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Clipped and dangling coneflowers, sunflowers, and some of the other members of the aster family mean the sunflower head-clipping weevil is busy at work in your garden.
The shiny black weevil feeds about 1 to 1 ½ inches below the flower. They eat a ring of small holes around most of the flower stem. Enough tissue remains so the flower head falls over yet it hangs on a thin bit of tissue. The female enters the flower to feed on the pollen and lay eggs. The flower eventually falls to the ground, eggs hatch and the immature weevil, a worm-like larvae, moves into the ground for winter. Next spring the larvae pupates, then transforms into a weevil and starts feeding on the flower stems in mid-summer.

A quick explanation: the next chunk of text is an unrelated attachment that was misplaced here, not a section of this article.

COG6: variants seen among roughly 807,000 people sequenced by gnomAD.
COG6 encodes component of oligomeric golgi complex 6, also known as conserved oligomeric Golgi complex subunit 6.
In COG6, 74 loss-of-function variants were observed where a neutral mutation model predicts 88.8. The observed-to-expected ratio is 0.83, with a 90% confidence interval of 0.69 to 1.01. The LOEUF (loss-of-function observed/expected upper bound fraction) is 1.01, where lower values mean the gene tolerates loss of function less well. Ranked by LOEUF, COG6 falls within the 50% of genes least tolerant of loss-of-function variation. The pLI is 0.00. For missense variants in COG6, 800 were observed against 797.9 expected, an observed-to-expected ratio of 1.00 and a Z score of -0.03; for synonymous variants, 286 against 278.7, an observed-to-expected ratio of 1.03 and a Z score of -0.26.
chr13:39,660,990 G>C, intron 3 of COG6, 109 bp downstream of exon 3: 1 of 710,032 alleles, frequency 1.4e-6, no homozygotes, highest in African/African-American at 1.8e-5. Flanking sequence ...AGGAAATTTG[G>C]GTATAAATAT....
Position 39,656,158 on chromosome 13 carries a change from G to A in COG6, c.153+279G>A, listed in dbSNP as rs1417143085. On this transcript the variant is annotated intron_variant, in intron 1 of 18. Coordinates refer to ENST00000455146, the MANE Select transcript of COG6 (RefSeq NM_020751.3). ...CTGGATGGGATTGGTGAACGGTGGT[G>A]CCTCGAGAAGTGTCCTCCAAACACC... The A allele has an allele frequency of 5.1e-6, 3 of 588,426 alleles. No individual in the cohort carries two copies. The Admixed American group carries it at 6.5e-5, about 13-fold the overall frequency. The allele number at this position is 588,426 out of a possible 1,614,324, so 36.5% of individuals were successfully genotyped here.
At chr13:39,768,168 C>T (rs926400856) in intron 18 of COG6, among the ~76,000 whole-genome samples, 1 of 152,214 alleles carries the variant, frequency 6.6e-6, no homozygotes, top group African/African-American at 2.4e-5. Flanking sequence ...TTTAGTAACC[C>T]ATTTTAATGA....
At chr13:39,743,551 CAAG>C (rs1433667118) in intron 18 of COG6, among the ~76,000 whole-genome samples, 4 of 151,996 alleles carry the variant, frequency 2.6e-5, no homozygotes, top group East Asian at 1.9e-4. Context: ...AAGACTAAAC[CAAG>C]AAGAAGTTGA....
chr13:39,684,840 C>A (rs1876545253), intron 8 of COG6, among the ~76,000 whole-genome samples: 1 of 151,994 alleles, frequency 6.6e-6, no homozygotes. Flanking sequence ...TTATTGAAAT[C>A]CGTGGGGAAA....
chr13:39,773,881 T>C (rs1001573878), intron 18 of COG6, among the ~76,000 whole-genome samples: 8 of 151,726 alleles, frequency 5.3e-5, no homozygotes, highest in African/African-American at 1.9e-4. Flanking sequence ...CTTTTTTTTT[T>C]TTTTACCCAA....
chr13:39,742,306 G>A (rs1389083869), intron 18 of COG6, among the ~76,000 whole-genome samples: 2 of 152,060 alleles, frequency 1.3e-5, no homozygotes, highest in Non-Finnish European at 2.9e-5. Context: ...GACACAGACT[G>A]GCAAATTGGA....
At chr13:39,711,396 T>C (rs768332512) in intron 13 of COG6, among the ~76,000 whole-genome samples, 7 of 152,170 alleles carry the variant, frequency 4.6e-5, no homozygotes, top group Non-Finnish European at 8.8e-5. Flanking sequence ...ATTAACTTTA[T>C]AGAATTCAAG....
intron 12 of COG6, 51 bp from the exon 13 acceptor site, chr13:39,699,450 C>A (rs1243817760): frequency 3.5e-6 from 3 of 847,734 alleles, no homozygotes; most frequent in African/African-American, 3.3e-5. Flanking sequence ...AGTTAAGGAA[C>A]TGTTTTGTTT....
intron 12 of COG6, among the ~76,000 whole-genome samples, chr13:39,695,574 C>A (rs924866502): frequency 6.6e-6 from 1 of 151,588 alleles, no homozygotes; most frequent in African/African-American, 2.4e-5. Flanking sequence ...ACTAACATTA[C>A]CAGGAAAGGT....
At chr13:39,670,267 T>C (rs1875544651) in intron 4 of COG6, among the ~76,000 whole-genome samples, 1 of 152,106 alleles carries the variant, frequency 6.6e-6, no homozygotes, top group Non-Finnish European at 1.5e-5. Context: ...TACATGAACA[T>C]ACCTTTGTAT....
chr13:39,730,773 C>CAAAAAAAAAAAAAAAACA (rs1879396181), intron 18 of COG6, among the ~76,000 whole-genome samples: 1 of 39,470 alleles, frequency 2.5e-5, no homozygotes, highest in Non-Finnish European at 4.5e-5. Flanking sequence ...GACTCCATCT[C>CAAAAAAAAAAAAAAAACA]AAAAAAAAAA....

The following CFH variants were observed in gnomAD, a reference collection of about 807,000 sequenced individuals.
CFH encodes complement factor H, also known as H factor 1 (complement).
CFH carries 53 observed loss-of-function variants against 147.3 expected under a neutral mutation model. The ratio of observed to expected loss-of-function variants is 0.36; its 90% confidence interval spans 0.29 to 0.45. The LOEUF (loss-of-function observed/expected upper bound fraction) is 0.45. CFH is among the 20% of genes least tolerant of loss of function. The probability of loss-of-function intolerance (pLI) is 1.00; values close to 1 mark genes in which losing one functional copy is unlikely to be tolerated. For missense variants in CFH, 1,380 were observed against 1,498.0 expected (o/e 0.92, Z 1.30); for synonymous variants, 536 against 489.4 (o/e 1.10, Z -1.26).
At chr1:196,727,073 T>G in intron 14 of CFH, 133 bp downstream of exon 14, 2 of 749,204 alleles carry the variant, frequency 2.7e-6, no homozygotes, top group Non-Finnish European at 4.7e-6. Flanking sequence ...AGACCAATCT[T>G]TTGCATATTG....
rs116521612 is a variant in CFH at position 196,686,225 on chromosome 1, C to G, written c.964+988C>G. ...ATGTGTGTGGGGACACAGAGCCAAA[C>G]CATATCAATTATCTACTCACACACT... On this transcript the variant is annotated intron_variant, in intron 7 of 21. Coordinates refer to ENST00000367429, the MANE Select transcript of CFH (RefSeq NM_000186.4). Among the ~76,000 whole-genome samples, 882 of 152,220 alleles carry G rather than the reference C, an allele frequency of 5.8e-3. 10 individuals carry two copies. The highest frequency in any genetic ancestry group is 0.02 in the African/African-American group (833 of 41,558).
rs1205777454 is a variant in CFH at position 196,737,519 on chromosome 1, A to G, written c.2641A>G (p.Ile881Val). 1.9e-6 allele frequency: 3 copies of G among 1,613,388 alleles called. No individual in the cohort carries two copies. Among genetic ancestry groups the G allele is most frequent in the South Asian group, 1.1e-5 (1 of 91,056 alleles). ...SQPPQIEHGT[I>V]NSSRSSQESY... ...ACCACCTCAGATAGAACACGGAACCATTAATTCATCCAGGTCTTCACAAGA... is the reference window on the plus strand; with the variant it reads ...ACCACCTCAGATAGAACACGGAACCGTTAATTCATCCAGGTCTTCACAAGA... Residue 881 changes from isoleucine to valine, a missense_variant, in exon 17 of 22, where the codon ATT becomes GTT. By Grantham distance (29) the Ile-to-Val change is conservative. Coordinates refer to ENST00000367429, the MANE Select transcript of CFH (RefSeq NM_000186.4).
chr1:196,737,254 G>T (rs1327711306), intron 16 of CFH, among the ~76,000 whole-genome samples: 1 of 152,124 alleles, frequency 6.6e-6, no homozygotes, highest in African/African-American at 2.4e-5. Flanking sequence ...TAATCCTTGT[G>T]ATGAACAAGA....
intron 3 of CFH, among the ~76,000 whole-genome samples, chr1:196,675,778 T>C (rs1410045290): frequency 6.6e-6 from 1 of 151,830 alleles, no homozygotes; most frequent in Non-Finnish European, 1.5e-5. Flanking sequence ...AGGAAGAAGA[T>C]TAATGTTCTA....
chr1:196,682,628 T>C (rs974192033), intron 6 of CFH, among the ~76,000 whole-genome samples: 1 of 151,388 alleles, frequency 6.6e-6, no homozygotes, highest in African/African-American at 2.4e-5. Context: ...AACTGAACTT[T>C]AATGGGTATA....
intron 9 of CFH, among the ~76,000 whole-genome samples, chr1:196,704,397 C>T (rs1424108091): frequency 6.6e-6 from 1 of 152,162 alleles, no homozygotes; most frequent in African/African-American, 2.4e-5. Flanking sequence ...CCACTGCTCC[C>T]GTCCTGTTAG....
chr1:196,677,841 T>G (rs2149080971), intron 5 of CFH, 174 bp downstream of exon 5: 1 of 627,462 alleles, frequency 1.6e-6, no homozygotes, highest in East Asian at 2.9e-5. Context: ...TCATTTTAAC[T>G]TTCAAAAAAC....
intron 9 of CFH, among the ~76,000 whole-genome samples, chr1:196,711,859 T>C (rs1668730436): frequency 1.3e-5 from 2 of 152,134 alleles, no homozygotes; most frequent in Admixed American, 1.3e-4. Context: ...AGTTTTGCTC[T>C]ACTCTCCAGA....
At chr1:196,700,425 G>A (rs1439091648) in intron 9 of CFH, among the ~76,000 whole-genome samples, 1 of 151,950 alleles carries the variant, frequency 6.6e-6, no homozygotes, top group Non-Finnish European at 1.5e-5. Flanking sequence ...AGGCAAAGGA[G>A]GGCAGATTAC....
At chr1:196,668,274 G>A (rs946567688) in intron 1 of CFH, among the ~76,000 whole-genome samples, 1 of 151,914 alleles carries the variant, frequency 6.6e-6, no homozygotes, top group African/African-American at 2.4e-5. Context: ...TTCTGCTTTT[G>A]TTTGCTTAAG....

Remove clipped flower heads from the plant and drop them in a can of soapy water. This kills the adult weevil and reduces the risk of future infestations.
A bit more information: Fortunately this pest is not life threatening, just annoying. Once discovered, monitor plantings to minimize damage and further reduce future infestations.